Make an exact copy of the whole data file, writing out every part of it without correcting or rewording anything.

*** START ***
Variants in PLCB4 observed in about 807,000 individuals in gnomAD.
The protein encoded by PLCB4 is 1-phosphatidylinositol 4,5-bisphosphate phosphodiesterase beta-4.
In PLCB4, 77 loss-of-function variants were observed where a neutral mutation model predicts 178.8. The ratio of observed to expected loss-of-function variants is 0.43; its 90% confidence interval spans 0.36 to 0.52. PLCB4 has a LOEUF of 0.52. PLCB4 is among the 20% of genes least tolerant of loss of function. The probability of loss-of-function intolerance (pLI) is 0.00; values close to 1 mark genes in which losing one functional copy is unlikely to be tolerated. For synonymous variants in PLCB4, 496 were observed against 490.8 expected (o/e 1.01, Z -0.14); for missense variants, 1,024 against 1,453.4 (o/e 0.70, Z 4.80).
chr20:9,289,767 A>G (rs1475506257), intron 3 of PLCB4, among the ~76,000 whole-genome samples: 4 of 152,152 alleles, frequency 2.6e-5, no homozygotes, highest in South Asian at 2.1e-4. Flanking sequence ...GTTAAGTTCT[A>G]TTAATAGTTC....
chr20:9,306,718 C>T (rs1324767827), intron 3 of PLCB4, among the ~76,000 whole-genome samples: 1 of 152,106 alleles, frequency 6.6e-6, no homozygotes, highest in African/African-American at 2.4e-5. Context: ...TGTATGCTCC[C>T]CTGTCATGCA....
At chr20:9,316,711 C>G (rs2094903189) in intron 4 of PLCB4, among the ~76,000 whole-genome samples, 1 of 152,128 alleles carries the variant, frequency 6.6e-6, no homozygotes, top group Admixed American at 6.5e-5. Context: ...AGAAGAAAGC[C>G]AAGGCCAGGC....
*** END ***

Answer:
Variants in PLCB4 observed in about 807,000 individuals in gnomAD.
The protein encoded by PLCB4 is 1-phosphatidylinositol 4,5-bisphosphate phosphodiesterase beta-4.
In PLCB4, 77 loss-of-function variants were observed where a neutral mutation model predicts 178.8. The ratio of observed to expected loss-of-function variants is 0.43; its 90% confidence interval spans 0.36 to 0.52. PLCB4 has a LOEUF of 0.52. PLCB4 is among the 20% of genes least tolerant of loss of function. The probability of loss-of-function intolerance (pLI) is 0.00; values close to 1 mark genes in which losing one functional copy is unlikely to be tolerated. For synonymous variants in PLCB4, 496 were observed against 490.8 expected (o/e 1.01, Z -0.14); for missense variants, 1,024 against 1,453.4 (o/e 0.70, Z 4.80).
chr20:9,289,767 A>G (rs1475506257), intron 3 of PLCB4, among the ~76,000 whole-genome samples: 4 of 152,152 alleles, frequency 2.6e-5, no homozygotes, highest in South Asian at 2.1e-4. Flanking sequence ...GTTAAGTTCT[A>G]TTAATAGTTC....
chr20:9,306,718 C>T (rs1324767827), intron 3 of PLCB4, among the ~76,000 whole-genome samples: 1 of 152,106 alleles, frequency 6.6e-6, no homozygotes, highest in African/African-American at 2.4e-5. Context: ...TGTATGCTCC[C>T]CTGTCATGCA....
At chr20:9,316,711 C>G (rs2094903189) in intron 4 of PLCB4, among the ~76,000 whole-genome samples, 1 of 152,128 alleles carries the variant, frequency 6.6e-6, no homozygotes, top group Admixed American at 6.5e-5. Context: ...AGAAGAAAGC[C>G]AAGGCCAGGC....